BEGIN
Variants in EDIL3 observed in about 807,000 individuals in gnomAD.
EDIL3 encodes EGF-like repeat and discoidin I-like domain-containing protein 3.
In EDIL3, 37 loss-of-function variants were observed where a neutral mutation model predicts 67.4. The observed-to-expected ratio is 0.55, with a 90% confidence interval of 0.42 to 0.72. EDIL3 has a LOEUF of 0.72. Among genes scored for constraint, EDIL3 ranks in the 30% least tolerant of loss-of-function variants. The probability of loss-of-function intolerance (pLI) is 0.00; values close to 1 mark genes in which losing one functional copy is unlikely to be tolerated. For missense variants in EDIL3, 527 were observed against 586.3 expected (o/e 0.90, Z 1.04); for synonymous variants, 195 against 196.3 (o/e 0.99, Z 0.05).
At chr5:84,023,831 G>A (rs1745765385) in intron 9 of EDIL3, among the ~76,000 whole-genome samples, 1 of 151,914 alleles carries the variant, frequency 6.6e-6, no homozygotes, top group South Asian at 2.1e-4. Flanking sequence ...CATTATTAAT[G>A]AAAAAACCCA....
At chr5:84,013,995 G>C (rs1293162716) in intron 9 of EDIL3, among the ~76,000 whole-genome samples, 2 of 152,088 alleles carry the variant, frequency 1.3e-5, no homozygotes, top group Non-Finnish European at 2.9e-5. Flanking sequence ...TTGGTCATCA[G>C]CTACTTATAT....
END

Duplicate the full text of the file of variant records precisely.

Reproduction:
Variants in EDIL3 observed in about 807,000 individuals in gnomAD.
EDIL3 encodes EGF-like repeat and discoidin I-like domain-containing protein 3.
In EDIL3, 37 loss-of-function variants were observed where a neutral mutation model predicts 67.4. The observed-to-expected ratio is 0.55, with a 90% confidence interval of 0.42 to 0.72. EDIL3 has a LOEUF of 0.72. Among genes scored for constraint, EDIL3 ranks in the 30% least tolerant of loss-of-function variants. The probability of loss-of-function intolerance (pLI) is 0.00; values close to 1 mark genes in which losing one functional copy is unlikely to be tolerated. For missense variants in EDIL3, 527 were observed against 586.3 expected (o/e 0.90, Z 1.04); for synonymous variants, 195 against 196.3 (o/e 0.99, Z 0.05).
At chr5:84,023,831 G>A (rs1745765385) in intron 9 of EDIL3, among the ~76,000 whole-genome samples, 1 of 151,914 alleles carries the variant, frequency 6.6e-6, no homozygotes, top group South Asian at 2.1e-4. Flanking sequence ...CATTATTAAT[G>A]AAAAAACCCA....
At chr5:84,013,995 G>C (rs1293162716) in intron 9 of EDIL3, among the ~76,000 whole-genome samples, 2 of 152,088 alleles carry the variant, frequency 1.3e-5, no homozygotes, top group Non-Finnish European at 2.9e-5. Flanking sequence ...TTGGTCATCA[G>C]CTACTTATAT....